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5 destructive email habits you need to break

Christopher Marriott
5 destructive email habits you need to break Christopher Marriott

How did any of us make an ass of ourselves as easily and on such a broad scale before the existence of email -- either in our professional interactions, our marketing communications, or both? In reality, we didn't have the tools to self-destruct so readily at hand. Let me give a couple of examples. Those of you who've attended a few rodeos will remember a time when memos were actually on paper. Yes, that's right, on paper! So if someone in your company needed to communicate some news to the staff, everyone got the memo. But if you had some snarky comment regarding the memo you wanted to share with its sender, you had to pick up the phone or walk over to her desk. Since email, however, you've had the opportunity to respond with your quip immediately. This wouldn't be a problem unless you mistakenly hit "reply all" rather than simply reply to the sender. If you haven't actually done this yourself, you probably know someone who has. Ouch.



5 destructive email habits you need to break


The same goes for your marketing communications. Before email, you didn't really have the ability to easily and quickly offend a large portion of your customer base. Email changed all that. We've all received emails that we know the sender would love to get back if they could -- whether it's a test email mistakenly launched to the entire list with a salutation of "Dear Stupid" (I got that once) or with a typo on pricing no one caught in advance and which is impossible to honor without taking an enormous financial hit.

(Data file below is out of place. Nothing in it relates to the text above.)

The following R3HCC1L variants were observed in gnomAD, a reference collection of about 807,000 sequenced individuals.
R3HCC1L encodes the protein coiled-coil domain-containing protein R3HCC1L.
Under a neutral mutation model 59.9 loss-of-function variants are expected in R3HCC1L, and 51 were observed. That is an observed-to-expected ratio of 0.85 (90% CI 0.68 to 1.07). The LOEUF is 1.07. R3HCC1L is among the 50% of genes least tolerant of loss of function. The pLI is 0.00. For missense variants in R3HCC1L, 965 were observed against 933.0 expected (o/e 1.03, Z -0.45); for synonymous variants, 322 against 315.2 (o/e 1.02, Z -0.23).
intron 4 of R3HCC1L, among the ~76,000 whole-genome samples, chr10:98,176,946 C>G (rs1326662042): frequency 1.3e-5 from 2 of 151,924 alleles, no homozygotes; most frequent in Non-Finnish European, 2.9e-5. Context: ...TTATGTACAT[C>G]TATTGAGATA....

What's the bottom line? Email is dangerous in the wrong hands, kids. There are so many ways in which we can step on a land mine in our professional emails or the ones we send to customers. Those are mistakes we don't intend to make. What's worse -- and the subject of this screed -- are the things we do on purpose which we need to stop doing right now if we want to emerge with our professional and marketing reputations intact! What follows is a list of email habits you need to break in your own business correspondence and in your email marketing campaigns.





The "please delete me" email train wreck


I've seen this happen several times over the years. One time it took the intervention of the CEO to shut it down. This gets started when someone in a company or on an email list inadvertently sends an email to a much wider audience than intended. The first thing that happens is a couple of folks respond to all with funny comments. And then it happens -- someone hits reply all and asks to be removed from the string. And then another person does the same thing. Soon, recipient after recipient on the email string is asking to be removed. The irony here is that there would be no more spam resulting from the first email if everyone would just settle down. Listen, we know you need to publicly declare you are too important to be bothered by this particular email thread. But so do 50 to 100 of your closet colleagues. The best thing to do when this happens is to simply stay off the string and delete the emails as they come in.


The auto fill wrong recipient debacle


I recently received an email that the sender definitely didn't want me to see. How did that happen? I happen to be one of several Chris's in his contact list and because Outlook will auto fill the address if you aren't paying attention, I got the email rather than the intended "Chris." Most of the time the message sent isn't necessarily sensitive information you don't want falling into the wrong hands. But even when it's not, you may not be aware that the intended recipient never got your message. And that can cause you problems down the road. You need to really pay attention to the list of people to whom you are sending an email. In the name of convenience, Outlook makes it too easy to screw up.


OK, now that you've blown yourself up among your office colleagues, let's look at the ways you can do the same thing with your email subscribers.



The cross-channel disconnect